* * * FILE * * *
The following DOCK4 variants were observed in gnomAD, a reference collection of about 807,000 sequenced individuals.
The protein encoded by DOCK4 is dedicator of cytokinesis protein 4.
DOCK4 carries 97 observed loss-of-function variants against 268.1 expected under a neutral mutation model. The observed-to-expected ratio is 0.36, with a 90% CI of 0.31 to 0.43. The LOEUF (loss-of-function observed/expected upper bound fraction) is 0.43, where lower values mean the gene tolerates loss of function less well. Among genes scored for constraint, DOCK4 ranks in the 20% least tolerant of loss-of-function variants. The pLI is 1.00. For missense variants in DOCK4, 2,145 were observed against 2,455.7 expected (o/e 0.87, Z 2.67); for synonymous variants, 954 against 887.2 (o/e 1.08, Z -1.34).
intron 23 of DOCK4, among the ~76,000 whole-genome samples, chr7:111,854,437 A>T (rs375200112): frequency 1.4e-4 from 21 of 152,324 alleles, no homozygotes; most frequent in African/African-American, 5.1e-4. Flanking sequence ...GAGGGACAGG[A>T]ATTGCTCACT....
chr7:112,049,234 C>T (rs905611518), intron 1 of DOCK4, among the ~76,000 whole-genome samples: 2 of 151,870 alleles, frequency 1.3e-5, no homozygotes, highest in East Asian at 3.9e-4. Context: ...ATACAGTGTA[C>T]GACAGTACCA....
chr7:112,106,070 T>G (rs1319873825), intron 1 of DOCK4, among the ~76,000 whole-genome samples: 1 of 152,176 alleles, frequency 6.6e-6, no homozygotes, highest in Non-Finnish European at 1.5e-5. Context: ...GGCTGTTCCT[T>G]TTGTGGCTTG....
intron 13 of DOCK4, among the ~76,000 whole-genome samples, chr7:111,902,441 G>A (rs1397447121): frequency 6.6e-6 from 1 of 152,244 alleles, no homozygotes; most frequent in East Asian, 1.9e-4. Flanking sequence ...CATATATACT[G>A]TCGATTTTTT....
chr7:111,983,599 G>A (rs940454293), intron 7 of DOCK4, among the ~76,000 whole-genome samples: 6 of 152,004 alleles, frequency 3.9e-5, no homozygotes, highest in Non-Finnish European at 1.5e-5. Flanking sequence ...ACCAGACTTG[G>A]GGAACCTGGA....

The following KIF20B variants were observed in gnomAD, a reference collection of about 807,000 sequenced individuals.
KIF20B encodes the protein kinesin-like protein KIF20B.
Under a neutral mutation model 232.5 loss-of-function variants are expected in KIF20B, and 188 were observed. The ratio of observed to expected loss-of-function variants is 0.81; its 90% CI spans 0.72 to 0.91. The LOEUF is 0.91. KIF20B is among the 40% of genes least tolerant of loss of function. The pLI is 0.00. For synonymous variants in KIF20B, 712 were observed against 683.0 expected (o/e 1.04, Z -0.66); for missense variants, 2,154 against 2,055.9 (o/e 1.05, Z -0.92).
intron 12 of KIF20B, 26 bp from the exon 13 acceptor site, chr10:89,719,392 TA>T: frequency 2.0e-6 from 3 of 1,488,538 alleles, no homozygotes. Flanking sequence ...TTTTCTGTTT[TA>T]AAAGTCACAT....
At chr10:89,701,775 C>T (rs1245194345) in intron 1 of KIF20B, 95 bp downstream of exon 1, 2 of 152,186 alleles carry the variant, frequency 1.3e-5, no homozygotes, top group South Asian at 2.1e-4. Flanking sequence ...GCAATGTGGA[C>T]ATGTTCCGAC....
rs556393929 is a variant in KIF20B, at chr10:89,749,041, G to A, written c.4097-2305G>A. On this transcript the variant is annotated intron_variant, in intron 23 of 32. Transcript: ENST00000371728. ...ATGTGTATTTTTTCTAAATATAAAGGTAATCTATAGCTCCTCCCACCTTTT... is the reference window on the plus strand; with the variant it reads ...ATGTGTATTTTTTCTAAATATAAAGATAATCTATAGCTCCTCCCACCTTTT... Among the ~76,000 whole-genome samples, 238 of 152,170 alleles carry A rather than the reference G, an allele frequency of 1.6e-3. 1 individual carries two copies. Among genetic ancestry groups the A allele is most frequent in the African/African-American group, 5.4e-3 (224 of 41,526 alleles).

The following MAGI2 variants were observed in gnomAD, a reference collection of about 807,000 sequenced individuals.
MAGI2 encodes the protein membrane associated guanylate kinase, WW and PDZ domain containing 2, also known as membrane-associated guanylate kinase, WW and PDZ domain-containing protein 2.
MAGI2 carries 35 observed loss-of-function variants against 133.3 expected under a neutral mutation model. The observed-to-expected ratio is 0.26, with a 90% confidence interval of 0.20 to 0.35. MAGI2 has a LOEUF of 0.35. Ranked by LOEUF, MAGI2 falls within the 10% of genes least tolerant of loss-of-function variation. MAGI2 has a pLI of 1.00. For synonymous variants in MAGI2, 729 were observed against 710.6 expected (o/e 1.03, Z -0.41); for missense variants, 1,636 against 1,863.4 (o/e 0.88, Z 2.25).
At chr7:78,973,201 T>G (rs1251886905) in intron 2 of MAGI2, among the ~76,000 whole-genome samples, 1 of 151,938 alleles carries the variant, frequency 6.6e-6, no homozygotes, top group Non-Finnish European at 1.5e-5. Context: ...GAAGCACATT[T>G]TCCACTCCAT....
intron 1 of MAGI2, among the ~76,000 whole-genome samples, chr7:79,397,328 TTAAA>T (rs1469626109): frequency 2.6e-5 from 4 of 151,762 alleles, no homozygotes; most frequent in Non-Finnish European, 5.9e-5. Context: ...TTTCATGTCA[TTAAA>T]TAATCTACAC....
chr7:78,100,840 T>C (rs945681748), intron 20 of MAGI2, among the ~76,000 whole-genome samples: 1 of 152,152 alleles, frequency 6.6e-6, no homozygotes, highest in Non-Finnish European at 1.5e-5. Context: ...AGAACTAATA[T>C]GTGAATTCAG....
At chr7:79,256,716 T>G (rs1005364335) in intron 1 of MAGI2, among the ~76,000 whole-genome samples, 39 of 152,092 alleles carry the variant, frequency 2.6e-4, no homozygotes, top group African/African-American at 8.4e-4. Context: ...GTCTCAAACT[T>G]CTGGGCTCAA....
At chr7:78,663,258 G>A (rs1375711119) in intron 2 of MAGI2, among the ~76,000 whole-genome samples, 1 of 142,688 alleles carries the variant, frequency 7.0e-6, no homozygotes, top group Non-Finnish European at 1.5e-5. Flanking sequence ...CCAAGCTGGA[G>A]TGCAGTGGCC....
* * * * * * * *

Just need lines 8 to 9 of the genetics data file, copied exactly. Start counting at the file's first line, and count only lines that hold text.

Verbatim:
chr7:111,983,599 G>A (rs940454293), intron 7 of DOCK4, among the ~76,000 whole-genome samples: 6 of 152,004 alleles, frequency 3.9e-5, no homozygotes, highest in Non-Finnish European at 1.5e-5. Flanking sequence ...ACCAGACTTG[G>A]GGAACCTGGA....

The following KIF20B variants were observed in gnomAD, a reference collection of about 807,000 sequenced individuals.